Archive for August, 2013

SafeSourcing Inc. announces three new additions to the SafeSourceIt™ family of Cloud based Procure to Pay applications.

Tuesday, August 27th, 2013

Today’s post is from the SafeSourcing  marketing department!

SafeSourcing is  very pleased to announce  the following three new tools to its comprehensive suite of procure to pay tools under the SafeSourceIt™ umbrella.

  1.  SafeSpendAnalsyis™  –  Takes company purchasing patterns and trends to new levels as it integrates external data feeds  for a wide variety of data sources.

  2.  SafeReportDesigner™   –  Allows users the capability to drag and drop key data points in a way that allows them to build custom reports

  3.  SafeScorecards™ –  Consolidates details from all of the SafeSourceIt™ modules to track and score procurement performance by Supplier, Internal Department, Product Category or Procurement professional.

These tools join  SafeeRFX™, SafeSurvey™, SafeDashboard™, SafeDocuments™, SafeContract™, SafePO™, SafeCatalog™ and the  SafeSourceIt™ Supplier Database that are already in use by our customers today.

If you are interested in ROI’s much greater than 10X and rapid deployment of solutions that will preserve those savings, please contact a SafeSourcing customer services representative.

We look forward to and appreciate your comments.

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Zombies, Israel, and the Tenth Man!

Thursday, August 22nd, 2013

Today’s post is by Mike Figueroa, Account Manager at SafeSourcing.

I can’t tell you how many times I’ve wished someone would have been around to prove me wrong just before I made one of many colossal mistakes I have to my credit… Some mistakes aren’t just about getting it wrong, but are paid for by what we COULD have gained and instead missed out on.

My wife asked me to go see Brad Pitt stave off a zombocolypse in “World War Z”, and while I didn’t have great things to say about the movie, one concept it played off of piqued my interest. In the Film, the Israeli leaders subscribed to a formalized mechanism for being prepared for what they might overlook. The notion of “The Tenth Man” is that in a 10 man quorum, there should never be more than a consensus of 9 because 1 man should always be considering the alternative, no matter how improbable, because the Israelis knew that humans are biased toward predicting what’s most ”normal”.

We human beings are fantastic organizers. We can recognize patterns better than any other organism on the planet. The only problem with this is that we have a natural bias toward looking for a CONTINUATION of patterns. This can cause us to miss out on opportunities that don’t fall in line with what we expect to see, or continue practices that are no longer optimal because of the history we have using them. This is why we need mechanism in place within our organizations to play devil’s advocate, to prove ourselves wrong when we’re making assumptions that are bottlenecking our opportunities.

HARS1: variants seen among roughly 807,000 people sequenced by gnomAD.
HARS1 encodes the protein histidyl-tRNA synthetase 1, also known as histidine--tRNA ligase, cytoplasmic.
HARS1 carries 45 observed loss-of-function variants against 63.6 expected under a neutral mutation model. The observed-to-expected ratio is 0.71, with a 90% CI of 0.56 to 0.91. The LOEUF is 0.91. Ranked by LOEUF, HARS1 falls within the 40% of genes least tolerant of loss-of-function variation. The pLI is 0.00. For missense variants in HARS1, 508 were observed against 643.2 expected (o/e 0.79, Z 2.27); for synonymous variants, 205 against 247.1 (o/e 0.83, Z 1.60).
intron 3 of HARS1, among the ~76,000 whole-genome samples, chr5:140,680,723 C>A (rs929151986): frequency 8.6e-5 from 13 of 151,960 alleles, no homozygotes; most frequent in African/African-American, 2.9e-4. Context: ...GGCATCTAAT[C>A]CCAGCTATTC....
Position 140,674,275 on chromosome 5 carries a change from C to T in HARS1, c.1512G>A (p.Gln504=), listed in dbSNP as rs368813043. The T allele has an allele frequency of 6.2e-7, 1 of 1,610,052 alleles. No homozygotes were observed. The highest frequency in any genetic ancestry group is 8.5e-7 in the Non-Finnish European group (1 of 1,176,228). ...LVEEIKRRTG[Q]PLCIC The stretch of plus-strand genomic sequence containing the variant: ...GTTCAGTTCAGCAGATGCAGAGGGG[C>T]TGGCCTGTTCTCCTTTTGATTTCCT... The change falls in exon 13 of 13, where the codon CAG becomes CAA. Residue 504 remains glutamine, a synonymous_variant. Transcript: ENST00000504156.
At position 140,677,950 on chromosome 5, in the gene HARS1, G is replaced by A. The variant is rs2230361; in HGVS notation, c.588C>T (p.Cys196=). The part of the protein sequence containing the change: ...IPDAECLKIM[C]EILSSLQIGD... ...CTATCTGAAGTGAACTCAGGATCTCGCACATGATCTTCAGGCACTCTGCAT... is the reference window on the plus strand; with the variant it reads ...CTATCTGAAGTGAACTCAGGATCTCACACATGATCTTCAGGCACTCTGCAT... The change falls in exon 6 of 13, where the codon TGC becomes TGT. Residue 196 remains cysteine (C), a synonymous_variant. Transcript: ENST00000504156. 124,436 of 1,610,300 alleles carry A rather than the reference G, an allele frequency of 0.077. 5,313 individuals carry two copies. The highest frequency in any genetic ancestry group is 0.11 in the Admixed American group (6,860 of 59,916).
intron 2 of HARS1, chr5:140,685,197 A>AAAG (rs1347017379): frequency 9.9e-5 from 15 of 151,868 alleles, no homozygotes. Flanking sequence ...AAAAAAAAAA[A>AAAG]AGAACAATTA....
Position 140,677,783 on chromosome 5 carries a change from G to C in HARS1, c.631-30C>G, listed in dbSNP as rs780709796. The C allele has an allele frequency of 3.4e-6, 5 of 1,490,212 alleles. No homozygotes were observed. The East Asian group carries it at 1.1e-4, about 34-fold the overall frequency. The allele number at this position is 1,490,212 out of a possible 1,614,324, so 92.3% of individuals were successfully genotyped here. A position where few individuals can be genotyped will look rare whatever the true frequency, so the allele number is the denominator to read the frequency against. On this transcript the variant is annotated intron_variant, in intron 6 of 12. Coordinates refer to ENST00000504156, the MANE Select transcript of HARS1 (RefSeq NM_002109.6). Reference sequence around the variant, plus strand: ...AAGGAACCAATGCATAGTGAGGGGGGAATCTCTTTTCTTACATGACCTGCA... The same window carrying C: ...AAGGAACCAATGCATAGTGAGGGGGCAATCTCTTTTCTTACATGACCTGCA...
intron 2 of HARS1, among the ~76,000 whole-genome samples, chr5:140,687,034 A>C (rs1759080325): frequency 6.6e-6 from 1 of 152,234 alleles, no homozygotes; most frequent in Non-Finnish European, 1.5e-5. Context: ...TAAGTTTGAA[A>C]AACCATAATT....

When we first talk to businesses, they are often under the assumption that the suppliers they are working with are their only option, or that they have no leverage to work with to avoid rate increases or to increase intangible value. We work to challenge those assumptions by exploring a wide variety of options, and searching through our extensive database of suppliers. Ask one of our representatives about how we do the legwork to identify the assumptions that are preventing you from taking advantage of your opportunities. Let SafeSourcing be your Tenth Man.

We look forward to your comments.

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PLEASE! End your meetings on time.

Wednesday, August 21st, 2013

Today’s post is by Dennis Nicoletti; Manager at SafeSourcing. 

I realize that there are times when emergencies arise; decisions need to be made, urgent action need to be taken, etc., so a group facilitator must keep a meeting running after the scheduled ending time.  But I have been in a number of situations over the years with meetings, conferences, and dozens of other situations where the meeting stretches on well-past the appointed ending time with no evident value or constructive result verses if it had ended on time.

Keeping people later than scheduled is to me, rude and displays poor time management skills because it means we are often late to our next piece of business, late for after work activities (I recall many late arrivals to family/kids events, missed flights, etc.) and it infringes on our individual productivity. Below are some reasons that this seems to happen, none of which are very flattering to meeting facilitators.

The meeting facilitator is uninformed or without an agenda.  This is when the facilitator doesn’t realize that it is well past ending time or doesn’t know when the meeting actually ends. Those of us who lead routine meetings have an obligation to provide an agenda (sticking to it) and to end the meeting when they are supposed to end.  How about 5 minutes early? If you’re one of these types…appoint someone a “time keeper”.  An agenda quickens the meeting flow and attendees are prepared.

The meeting facilitator lacks the courage to stop overbearing personalities. A facilitator with good intentions realizes that it is past the appointed ending time, but can’t quite bring him or her to stop one or more from going on and on. This happens far more often than one would think.

The meeting facilitator has a sense of self-importance.  Unfortunately, this does happen.  Although the meeting or conference is about a routine or trivial matter, the facilitator believes that he or she is such an important person that nothing else in the other participants’ lives — their next meeting, their individual work, their families — could possibly be as important.

If you are a meeting facilitator, I would ask you to start thinking about if you have a habit of keeping people late and why?   If you really want to please people at a meeting, have max attendance, finish early and move for adjournment.